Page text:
The invasive Asian longhorned beetle, mounted alongside the native white-spotted sawyer beetle for educational purposes. Photo by Nasuna Stuart-Ulin, Canada’s National Observer

Canada’s National Observer recently published an article featuring the Invasive Species Centre’s (ISC) hosted “pest tour” in Limerick Forest just south of Ottawa. David Dutkiewicz and Derissa Vincentini of the ISC led a small group of concerned tappers and farmers through the park, pointing out various signs of infestation and handing out wood samples.

During the tour, the attendees were shown examples of invasive forest pests and their symptoms using props such as a glass display case featuring the invasive Asian longhorned beetle, mounted alongside the native white-spotted sawyer beetle. The group also spotted a spongy moth (new common name for LDD) egg mass high up in a maple tree, which Derissa Vincentini took the opportunity to use as an example, providing information on how to remove and dispose of the egg mass. “If you spot an egg mass, scrape it into soapy water and leave it for 72 hours, then throw it out,”  Derissa Vincentini informed the group.

Find out more about egg mass scraping here or learn how to report egg masses here.

This kind of community outreach is a key part of spreading the word on invasive species and providing communities with the tools they need to spot and prevent invasive species in their area. Reporting a sighting is also key to control and prevention. During the tour, David Dutkiewicz spoke about how he answered a call from a man reporting insects emerging from a set of wooden wind chimes he’d brought back from the Dominican Republic. He told the man to seal it in a plastic bag and the insects were later identified as invasive bark beetles! These invasive insects are carriers for another invasive species, Dutch Elm Disease.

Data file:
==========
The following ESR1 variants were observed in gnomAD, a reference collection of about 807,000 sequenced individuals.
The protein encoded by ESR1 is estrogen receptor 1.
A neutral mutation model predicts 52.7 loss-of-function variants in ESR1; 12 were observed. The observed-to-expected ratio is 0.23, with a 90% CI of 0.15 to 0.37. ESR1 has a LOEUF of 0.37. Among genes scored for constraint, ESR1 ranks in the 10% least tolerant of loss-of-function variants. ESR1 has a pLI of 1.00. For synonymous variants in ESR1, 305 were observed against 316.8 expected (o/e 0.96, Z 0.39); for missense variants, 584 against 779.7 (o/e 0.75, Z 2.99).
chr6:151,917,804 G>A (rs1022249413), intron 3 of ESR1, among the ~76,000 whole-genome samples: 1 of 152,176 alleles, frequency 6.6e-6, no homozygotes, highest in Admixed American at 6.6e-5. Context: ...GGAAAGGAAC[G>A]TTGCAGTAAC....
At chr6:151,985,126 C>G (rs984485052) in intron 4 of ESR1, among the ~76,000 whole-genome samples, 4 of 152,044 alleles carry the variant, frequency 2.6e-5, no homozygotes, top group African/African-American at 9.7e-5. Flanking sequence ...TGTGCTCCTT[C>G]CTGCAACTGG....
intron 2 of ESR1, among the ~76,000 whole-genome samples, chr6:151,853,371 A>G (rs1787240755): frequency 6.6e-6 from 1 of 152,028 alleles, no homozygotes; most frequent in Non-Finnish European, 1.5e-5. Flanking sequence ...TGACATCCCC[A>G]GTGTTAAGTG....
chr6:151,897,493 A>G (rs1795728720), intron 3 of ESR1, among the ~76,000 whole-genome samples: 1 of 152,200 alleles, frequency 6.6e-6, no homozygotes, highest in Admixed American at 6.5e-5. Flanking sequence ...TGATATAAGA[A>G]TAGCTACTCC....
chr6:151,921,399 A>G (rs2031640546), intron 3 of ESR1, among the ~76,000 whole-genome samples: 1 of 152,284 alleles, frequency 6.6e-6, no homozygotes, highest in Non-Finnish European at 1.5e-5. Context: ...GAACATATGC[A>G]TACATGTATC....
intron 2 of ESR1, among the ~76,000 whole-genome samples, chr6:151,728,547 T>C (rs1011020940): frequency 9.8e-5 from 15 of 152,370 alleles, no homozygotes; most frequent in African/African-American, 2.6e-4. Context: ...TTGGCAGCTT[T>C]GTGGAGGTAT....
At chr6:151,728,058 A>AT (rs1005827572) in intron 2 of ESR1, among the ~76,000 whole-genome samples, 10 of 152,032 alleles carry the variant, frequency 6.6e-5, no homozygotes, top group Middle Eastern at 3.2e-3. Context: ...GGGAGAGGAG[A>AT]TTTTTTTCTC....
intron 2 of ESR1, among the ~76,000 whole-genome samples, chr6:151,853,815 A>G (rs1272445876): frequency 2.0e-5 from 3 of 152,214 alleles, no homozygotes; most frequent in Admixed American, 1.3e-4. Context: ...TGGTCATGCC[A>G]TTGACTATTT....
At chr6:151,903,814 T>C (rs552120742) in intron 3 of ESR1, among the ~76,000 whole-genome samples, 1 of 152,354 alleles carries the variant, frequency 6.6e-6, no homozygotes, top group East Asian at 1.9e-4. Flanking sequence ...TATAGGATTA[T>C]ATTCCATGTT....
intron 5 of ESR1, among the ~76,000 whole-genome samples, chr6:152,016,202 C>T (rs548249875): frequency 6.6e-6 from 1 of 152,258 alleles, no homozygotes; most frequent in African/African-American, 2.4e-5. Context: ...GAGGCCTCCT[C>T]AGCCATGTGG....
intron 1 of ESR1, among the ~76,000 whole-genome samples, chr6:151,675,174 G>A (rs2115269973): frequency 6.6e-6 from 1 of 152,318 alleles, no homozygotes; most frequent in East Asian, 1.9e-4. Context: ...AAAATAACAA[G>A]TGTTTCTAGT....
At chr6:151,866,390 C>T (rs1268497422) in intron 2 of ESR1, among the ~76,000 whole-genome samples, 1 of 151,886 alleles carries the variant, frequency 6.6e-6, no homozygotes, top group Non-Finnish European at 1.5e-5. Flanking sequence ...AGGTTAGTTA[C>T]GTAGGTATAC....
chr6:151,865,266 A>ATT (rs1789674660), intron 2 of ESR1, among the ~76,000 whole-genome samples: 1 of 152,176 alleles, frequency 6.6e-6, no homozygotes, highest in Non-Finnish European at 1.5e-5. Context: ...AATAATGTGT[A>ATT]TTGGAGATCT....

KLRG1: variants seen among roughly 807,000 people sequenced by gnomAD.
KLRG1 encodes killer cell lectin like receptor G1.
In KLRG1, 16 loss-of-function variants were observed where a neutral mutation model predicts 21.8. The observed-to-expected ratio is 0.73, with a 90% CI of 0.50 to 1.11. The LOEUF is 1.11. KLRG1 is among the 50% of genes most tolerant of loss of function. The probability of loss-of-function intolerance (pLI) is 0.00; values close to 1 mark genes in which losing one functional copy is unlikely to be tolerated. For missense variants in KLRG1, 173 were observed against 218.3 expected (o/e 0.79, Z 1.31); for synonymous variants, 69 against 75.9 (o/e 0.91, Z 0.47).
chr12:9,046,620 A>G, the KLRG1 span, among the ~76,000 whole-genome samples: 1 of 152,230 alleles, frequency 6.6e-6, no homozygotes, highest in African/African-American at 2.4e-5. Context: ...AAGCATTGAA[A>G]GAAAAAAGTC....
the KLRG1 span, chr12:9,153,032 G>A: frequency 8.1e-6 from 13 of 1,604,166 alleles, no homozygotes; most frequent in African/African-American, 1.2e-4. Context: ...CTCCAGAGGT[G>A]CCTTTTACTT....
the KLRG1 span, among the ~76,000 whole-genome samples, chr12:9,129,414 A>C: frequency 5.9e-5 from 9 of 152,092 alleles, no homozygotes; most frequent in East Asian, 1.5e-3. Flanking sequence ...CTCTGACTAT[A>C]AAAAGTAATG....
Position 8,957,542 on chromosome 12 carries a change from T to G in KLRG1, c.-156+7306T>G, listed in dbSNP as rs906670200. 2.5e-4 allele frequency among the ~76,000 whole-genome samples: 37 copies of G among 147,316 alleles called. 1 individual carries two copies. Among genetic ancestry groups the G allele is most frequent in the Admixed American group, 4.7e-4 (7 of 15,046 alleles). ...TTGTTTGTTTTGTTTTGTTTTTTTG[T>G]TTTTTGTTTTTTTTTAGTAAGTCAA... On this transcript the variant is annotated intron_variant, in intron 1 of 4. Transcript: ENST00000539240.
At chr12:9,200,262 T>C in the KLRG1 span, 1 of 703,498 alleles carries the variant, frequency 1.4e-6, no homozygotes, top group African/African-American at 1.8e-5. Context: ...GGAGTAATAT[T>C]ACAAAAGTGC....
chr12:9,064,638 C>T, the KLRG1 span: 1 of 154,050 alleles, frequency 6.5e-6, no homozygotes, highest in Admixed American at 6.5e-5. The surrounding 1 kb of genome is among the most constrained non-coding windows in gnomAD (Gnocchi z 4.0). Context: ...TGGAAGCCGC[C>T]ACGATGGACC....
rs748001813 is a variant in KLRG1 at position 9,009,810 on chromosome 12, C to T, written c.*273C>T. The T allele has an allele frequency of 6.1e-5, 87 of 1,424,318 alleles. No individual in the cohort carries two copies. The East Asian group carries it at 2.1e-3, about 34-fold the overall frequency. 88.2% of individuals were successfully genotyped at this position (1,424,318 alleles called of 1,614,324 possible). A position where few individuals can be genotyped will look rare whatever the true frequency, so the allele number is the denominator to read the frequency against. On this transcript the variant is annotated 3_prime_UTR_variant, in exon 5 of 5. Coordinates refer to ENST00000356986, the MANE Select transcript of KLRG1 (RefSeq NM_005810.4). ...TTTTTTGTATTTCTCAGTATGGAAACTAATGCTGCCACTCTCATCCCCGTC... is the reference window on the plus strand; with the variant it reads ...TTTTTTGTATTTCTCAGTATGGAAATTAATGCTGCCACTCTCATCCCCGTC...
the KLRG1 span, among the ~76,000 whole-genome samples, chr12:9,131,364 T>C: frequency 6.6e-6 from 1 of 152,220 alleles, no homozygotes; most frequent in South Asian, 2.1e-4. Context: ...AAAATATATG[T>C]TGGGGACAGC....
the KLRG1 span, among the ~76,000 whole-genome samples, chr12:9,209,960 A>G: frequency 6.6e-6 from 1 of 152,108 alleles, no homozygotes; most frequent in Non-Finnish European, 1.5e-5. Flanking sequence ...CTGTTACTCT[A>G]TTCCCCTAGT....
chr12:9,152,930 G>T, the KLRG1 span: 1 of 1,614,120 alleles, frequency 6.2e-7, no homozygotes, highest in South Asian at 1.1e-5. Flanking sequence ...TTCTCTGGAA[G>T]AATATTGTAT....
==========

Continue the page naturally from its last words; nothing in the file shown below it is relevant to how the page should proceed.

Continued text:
Rising temperatures caused by climate change, especially rising winter temperatures, have increased the susceptibility of Canadian forests to invasive insect pests like hemlock woolly adelgid, spotted lanternfly, and spongy moth. The article detailed the costs of spongy moth damage to Terry Hoover, owner of Hoover’s Maple Syrup, who spent thousands of dollars eliminating them after his maple trees became infested.

Terry Hoover ultimately paid a local aircraft company to spray his property with Btk insecticide, a bacterial agent toxic to LDD caterpillars. The service cost him about $100 an acre, though prices can go as high as $250. He spent $5,000 for the whole bush.

“It was a lot of money,” he muses. But it worked: this summer, the canopy was completely closed with no defoliation at all.

Total eradication of an invasive species is rarely possible but educated communities and proper forest management practices can help manage the damage. Visit the ISC’s Community Science Program page to learn more about how you can help!

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